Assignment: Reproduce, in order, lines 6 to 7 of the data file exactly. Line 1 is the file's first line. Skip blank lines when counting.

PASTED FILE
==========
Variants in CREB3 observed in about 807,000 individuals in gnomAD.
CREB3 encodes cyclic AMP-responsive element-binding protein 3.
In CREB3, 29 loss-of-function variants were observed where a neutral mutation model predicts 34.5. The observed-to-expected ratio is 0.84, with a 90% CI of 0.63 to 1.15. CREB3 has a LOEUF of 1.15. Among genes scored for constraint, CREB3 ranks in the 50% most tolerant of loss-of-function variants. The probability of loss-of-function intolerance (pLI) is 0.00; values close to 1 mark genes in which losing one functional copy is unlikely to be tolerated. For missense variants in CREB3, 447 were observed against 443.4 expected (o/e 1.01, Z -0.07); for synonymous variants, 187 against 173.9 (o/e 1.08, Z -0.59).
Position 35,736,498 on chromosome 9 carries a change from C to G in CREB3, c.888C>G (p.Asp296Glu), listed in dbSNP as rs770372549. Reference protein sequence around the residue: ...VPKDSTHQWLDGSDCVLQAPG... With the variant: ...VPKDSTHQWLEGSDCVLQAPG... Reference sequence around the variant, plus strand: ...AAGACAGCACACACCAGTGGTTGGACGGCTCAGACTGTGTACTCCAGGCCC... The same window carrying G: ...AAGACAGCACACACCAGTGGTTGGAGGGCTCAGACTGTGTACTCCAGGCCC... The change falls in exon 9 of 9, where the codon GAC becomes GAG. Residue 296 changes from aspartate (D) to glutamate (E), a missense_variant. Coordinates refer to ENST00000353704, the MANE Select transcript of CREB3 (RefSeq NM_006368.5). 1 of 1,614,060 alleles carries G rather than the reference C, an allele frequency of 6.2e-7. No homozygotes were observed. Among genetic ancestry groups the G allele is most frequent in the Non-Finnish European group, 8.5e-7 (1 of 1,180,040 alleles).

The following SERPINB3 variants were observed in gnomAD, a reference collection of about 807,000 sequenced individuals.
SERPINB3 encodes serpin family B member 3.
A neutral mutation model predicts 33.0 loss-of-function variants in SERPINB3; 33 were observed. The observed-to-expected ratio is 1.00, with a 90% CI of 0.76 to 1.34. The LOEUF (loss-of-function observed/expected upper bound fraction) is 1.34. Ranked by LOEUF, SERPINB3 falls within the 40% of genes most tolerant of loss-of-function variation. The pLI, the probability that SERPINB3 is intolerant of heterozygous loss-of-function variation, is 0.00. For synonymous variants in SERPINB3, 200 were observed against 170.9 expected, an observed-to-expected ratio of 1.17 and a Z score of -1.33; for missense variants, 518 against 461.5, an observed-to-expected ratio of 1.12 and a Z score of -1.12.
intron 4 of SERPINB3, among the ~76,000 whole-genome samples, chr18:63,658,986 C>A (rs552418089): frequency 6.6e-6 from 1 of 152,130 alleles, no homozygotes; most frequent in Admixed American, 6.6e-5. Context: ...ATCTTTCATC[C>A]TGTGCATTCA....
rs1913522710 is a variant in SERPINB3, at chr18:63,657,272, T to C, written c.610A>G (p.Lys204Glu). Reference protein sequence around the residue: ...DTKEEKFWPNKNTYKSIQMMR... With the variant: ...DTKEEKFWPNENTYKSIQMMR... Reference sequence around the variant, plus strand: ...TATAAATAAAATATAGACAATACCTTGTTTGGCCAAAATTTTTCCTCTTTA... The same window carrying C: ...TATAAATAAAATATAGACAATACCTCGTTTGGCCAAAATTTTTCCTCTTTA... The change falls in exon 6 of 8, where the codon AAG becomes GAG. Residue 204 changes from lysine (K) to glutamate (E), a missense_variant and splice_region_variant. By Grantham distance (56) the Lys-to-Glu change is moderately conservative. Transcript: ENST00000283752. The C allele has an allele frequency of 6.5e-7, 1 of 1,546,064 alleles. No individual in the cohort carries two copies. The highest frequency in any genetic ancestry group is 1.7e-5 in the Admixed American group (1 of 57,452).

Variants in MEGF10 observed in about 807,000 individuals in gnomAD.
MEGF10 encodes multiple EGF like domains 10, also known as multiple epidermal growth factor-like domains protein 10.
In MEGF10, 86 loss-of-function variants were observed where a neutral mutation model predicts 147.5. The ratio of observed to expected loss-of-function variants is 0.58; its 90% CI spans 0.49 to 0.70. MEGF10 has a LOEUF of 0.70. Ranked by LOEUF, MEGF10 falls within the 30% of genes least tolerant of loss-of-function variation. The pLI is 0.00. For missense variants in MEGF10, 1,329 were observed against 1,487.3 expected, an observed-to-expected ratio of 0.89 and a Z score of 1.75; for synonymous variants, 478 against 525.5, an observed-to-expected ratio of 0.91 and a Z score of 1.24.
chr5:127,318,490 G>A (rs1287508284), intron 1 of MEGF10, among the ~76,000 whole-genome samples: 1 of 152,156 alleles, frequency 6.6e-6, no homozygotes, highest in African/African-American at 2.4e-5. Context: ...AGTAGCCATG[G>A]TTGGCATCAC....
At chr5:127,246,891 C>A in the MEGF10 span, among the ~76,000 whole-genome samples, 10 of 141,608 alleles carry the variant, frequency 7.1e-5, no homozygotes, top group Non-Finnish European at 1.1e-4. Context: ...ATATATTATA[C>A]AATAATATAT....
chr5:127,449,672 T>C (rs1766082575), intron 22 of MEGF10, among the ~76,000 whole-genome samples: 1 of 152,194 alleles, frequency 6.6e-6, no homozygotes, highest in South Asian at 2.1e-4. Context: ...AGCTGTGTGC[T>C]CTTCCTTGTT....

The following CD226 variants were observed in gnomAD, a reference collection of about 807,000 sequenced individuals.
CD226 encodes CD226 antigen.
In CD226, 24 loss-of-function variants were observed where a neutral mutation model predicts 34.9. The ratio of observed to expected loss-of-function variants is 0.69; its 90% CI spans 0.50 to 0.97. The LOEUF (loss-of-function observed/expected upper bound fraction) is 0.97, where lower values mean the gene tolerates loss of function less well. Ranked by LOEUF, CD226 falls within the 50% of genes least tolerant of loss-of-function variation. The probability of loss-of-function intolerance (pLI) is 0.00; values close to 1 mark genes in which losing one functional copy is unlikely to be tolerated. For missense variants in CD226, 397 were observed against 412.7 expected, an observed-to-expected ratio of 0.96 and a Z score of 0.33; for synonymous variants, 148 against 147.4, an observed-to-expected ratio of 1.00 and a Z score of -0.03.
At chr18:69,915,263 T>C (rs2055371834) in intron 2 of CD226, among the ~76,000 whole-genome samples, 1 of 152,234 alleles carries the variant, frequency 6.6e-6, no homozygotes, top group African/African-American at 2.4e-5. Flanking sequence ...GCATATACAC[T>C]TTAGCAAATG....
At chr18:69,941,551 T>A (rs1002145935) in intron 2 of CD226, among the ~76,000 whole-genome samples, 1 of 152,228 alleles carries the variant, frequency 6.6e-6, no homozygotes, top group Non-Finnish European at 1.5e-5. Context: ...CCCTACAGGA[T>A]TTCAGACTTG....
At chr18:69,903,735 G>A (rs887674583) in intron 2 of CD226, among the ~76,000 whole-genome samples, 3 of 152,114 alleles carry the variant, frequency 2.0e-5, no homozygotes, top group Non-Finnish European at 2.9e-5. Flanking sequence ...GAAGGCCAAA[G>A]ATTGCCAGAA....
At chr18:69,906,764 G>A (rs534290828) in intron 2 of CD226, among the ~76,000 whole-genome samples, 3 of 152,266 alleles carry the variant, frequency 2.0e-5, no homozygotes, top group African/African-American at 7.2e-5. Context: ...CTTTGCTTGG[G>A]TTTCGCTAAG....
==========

SERPINB3 encodes serpin family B member 3.
A neutral mutation model predicts 33.0 loss-of-function variants in SERPINB3; 33 were observed. The observed-to-expected ratio is 1.00, with a 90% CI of 0.76 to 1.34. The LOEUF (loss-of-function observed/expected upper bound fraction) is 1.34. Ranked by LOEUF, SERPINB3 falls within the 40% of genes most tolerant of loss-of-function variation. The pLI, the probability that SERPINB3 is intolerant of heterozygous loss-of-function variation, is 0.00. For synonymous variants in SERPINB3, 200 were observed against 170.9 expected, an observed-to-expected ratio of 1.17 and a Z score of -1.33; for missense variants, 518 against 461.5, an observed-to-expected ratio of 1.12 and a Z score of -1.12.